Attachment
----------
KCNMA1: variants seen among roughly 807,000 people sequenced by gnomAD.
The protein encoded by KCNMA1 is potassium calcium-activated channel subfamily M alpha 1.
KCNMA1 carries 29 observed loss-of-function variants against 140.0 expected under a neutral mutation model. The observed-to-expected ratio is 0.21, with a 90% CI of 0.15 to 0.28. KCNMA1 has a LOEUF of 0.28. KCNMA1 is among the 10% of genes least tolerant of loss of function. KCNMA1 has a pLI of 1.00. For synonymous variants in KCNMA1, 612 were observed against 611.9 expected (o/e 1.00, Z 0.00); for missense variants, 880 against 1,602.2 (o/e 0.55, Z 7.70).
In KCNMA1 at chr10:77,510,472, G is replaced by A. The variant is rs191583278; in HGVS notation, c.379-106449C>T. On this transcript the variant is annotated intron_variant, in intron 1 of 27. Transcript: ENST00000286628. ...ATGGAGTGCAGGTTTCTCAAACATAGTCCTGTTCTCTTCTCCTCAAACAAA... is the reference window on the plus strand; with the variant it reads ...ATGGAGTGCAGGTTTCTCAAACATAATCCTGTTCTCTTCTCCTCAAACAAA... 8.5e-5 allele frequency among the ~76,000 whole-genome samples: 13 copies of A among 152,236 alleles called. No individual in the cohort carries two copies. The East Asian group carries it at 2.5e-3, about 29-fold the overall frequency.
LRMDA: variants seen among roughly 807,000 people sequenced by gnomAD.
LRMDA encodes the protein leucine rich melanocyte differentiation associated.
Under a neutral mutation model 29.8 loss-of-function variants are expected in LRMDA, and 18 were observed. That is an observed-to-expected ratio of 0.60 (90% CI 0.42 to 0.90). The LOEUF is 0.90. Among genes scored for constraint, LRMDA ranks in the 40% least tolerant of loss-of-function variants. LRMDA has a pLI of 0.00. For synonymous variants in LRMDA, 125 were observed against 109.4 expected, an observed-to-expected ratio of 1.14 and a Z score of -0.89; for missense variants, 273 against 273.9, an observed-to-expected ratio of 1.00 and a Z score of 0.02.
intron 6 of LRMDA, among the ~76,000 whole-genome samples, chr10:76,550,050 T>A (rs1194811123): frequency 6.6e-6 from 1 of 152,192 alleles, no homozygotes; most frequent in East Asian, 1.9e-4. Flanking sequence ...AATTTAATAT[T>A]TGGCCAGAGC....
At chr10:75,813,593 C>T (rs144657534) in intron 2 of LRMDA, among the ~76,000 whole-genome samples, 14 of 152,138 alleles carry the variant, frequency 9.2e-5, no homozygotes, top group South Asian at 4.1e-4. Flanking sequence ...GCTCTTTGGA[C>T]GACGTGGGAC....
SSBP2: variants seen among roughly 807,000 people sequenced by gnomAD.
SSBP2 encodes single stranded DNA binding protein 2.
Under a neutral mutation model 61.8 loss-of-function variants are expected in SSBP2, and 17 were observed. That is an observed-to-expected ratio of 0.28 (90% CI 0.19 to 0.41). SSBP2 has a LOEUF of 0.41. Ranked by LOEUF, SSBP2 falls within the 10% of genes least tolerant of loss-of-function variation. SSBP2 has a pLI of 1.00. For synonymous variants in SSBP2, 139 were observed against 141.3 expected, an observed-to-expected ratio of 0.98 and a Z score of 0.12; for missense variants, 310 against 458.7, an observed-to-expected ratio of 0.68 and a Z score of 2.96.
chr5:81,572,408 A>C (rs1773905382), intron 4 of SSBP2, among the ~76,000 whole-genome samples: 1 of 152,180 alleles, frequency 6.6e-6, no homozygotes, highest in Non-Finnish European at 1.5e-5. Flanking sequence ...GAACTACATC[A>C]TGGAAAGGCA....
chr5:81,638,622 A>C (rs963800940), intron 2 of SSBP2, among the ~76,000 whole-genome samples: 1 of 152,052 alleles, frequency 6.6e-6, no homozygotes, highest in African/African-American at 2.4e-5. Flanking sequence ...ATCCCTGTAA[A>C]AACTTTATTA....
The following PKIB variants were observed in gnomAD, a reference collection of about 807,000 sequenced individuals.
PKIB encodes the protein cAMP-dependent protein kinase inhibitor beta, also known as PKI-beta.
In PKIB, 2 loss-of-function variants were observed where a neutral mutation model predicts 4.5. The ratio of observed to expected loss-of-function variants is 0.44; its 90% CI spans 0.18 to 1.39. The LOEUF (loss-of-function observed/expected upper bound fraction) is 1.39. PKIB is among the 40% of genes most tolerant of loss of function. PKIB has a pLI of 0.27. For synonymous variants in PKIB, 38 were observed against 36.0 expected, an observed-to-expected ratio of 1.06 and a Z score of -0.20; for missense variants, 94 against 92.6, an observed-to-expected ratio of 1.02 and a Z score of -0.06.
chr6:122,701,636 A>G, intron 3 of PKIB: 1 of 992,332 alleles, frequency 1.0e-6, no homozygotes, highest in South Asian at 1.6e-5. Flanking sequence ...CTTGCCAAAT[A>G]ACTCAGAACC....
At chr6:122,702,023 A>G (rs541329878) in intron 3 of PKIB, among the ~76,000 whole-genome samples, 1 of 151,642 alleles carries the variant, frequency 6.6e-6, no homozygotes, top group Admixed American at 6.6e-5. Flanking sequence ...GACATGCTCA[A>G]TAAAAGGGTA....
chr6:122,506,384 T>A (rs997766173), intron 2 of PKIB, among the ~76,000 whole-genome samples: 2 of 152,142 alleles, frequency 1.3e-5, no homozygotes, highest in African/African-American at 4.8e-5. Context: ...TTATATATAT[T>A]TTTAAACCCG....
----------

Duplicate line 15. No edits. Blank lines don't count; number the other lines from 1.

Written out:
The following PKIB variants were observed in gnomAD, a reference collection of about 807,000 sequenced individuals.